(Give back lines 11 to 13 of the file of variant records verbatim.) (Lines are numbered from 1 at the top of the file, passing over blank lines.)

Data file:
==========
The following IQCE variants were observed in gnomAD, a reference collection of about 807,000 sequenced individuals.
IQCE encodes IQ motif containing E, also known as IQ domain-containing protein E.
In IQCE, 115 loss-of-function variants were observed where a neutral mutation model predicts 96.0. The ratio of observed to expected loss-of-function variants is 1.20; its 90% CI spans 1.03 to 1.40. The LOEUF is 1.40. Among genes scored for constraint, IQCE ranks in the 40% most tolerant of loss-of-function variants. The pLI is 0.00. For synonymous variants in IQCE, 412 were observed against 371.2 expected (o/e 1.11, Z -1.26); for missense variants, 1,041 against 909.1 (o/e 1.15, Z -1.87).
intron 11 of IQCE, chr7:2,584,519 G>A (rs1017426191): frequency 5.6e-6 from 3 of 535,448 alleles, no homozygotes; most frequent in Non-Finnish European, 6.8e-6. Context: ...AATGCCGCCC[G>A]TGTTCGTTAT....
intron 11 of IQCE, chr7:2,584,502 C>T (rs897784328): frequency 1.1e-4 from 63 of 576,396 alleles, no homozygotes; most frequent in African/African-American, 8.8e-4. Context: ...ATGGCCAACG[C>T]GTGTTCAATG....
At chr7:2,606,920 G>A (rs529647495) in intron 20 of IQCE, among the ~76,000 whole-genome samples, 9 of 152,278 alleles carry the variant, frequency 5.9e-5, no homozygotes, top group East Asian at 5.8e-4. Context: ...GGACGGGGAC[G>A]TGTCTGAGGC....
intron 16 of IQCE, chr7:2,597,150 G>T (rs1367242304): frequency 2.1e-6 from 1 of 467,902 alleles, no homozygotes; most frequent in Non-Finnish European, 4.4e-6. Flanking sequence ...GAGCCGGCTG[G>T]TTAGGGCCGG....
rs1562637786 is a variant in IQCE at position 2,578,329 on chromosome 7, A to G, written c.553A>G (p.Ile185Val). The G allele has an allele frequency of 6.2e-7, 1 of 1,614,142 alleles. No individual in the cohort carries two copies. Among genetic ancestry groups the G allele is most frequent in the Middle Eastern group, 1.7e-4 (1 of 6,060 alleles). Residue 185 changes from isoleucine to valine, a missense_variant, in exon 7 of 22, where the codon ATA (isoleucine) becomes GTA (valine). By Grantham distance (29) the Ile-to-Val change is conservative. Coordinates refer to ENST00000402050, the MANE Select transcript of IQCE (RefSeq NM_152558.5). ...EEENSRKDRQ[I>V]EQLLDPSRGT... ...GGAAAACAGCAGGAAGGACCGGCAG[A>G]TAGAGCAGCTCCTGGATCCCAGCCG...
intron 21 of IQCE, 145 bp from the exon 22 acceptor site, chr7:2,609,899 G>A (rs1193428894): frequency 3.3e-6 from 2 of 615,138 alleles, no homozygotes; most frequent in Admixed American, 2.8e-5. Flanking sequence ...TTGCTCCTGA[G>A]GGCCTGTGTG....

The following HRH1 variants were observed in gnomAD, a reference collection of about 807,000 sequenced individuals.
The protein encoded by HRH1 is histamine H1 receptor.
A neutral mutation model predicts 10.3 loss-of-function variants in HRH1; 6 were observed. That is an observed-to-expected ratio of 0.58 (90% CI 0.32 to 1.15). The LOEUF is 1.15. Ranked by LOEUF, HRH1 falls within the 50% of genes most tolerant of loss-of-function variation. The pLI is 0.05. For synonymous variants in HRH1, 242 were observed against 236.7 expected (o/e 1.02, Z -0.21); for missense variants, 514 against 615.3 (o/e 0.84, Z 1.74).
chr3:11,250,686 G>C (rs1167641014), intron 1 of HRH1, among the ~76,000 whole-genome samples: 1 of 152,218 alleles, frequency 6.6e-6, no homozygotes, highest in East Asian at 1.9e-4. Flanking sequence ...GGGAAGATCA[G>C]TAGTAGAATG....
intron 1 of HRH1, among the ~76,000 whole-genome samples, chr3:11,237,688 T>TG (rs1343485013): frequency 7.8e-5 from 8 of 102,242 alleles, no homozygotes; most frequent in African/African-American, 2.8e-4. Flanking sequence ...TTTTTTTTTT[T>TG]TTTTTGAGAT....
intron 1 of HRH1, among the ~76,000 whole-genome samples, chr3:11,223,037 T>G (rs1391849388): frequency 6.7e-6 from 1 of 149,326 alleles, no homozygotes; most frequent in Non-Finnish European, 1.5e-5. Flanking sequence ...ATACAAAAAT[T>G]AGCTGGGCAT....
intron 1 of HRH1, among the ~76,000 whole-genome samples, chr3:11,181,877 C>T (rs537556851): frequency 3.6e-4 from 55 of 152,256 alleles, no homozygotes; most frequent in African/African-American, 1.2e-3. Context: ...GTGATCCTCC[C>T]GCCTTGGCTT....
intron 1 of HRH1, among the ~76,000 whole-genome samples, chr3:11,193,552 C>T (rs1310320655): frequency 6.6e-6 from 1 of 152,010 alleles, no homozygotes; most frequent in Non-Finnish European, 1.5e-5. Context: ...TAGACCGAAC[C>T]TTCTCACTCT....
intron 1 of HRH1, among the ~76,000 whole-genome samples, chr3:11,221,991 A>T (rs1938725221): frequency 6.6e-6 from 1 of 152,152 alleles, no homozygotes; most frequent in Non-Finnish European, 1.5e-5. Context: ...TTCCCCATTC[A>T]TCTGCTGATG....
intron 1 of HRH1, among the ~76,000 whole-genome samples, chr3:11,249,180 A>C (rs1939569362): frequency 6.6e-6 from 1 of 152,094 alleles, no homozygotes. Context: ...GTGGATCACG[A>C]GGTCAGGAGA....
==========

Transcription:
The protein encoded by HRH1 is histamine H1 receptor.
A neutral mutation model predicts 10.3 loss-of-function variants in HRH1; 6 were observed. That is an observed-to-expected ratio of 0.58 (90% CI 0.32 to 1.15). The LOEUF is 1.15. Ranked by LOEUF, HRH1 falls within the 50% of genes most tolerant of loss-of-function variation. The pLI is 0.05. For synonymous variants in HRH1, 242 were observed against 236.7 expected (o/e 1.02, Z -0.21); for missense variants, 514 against 615.3 (o/e 0.84, Z 1.74).
chr3:11,250,686 G>C (rs1167641014), intron 1 of HRH1, among the ~76,000 whole-genome samples: 1 of 152,218 alleles, frequency 6.6e-6, no homozygotes, highest in East Asian at 1.9e-4. Flanking sequence ...GGGAAGATCA[G>C]TAGTAGAATG....